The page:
If Erdoğan had his Reichstag Fire event in 2016, his justification for the current invasion of Afrin in northern Syria is eerily reminiscent of the excuses used by the Nazis to justify their invasion of Poland in 1939. For instance, the Nazis staged a raid on a German radio station near the border, dressing concentration camp inmates in Polish uniforms and shooting them in the face to prevent identification. In a similar vein, Erdoğan claims that the invasion of Afrin was staged not just against the Kurdish YPG fighters, but also against Islamic State!
This claim beggars belief.
The Syrian Kurds have proved to be the most consistent and effective foes of ISIS. ISIS, as is well-known, swept across Iraq and Syria like a bloody plague. They were first defeated by the Kurds at Kobane on the border with Turkey, and then put to flight by the men and women fighters of the YPG and YPJ. Last year, Kurdish-led forces liberated Raqqa, the “capital” of the so-called Islamic State and ended a nightmare. It was also the YPG and the PKK that rescued tens of thousands of Yazidis from genocide and slavery at the hands of ISIS.
The Turkish government, which laughably claims to have invaded Afrin to flush out ISIS forces in the Orwellian-sounding “Operation Olive Branch”, has long been in cahoots with those self-same terrorists. They provided ISIS fighters with hospital facilities, allowed them to recruit and ferry terrorists on Turkish soil, and clandestinely supplied the black-clad thugs with weapons and intelligence. At the same time, they denied reinforcements and weapons to the Kurdish defenders at Kobane and indeed barracked for an ISIS victory. Turkish journalists who blew the whistle on their government’s complicity suffered harsh reprisals. There is no doubt whatsoever that Erdoğan wants the Islamists to win in Syria. Indeed his invading forces in Afrin are backed by Islamist gangs, which include Al-Nusra, the former Syrian arm of Al-Qaida, the organization responsible for 9/11 and numerous other atrocities. Witnesses have heard these types boast that they will kill all the Kurds in Afrin.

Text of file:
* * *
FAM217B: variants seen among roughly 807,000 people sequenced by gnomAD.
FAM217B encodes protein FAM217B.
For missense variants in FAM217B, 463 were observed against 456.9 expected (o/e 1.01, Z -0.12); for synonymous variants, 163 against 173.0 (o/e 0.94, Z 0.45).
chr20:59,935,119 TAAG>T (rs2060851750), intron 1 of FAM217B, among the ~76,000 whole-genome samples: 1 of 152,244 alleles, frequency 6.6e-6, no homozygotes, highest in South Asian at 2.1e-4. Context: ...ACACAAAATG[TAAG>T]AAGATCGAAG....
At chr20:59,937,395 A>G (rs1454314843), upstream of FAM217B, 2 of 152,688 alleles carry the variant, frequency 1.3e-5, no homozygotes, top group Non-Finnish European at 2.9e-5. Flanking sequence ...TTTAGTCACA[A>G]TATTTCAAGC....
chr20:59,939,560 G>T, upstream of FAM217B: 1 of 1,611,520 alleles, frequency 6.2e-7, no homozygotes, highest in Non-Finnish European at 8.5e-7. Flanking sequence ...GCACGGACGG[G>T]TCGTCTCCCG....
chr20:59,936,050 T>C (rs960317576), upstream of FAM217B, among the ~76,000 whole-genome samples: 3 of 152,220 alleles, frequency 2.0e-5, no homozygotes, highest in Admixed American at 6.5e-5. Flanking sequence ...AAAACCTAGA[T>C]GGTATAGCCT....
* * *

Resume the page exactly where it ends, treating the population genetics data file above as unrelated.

Erdoğan has also invaded to divert the Turkish public’s attention from renewed evidence of gross corruption on his part and on those of his family and his cronies in his so-called Justice and Development Party. By any standards, Erdoğan is a rich man. His personal fortune, which has been estimated at over US$200 million, cannot possibly have been made by honest means. His son Bilal has become a byword for corruption and made a personal fortune selling and transporting oil for ISIS on the international black market.
Late last year, the Turkish Foreign Minister, Mevlüt Çavušğlu, rightly condemned the Trump administration’s decision to relocate its Israel embassy to Jerusalem in the face of the world’s outrage. Çavušğlu declared that: “The world has changed. The belief that ‘I am strong therefore I am right’ has changed. The world today is revolting against injustices”. Sadly, none of the world’s so-called leaders have thrown his words back in his face, and pointed out the monstrous injustice of what his government is doing to the Kurds. For his part, Çavušğlu has threatened to treat France as an accomplice of terrorism if it brings the Afrin invasion to the attention of the UN Security Council.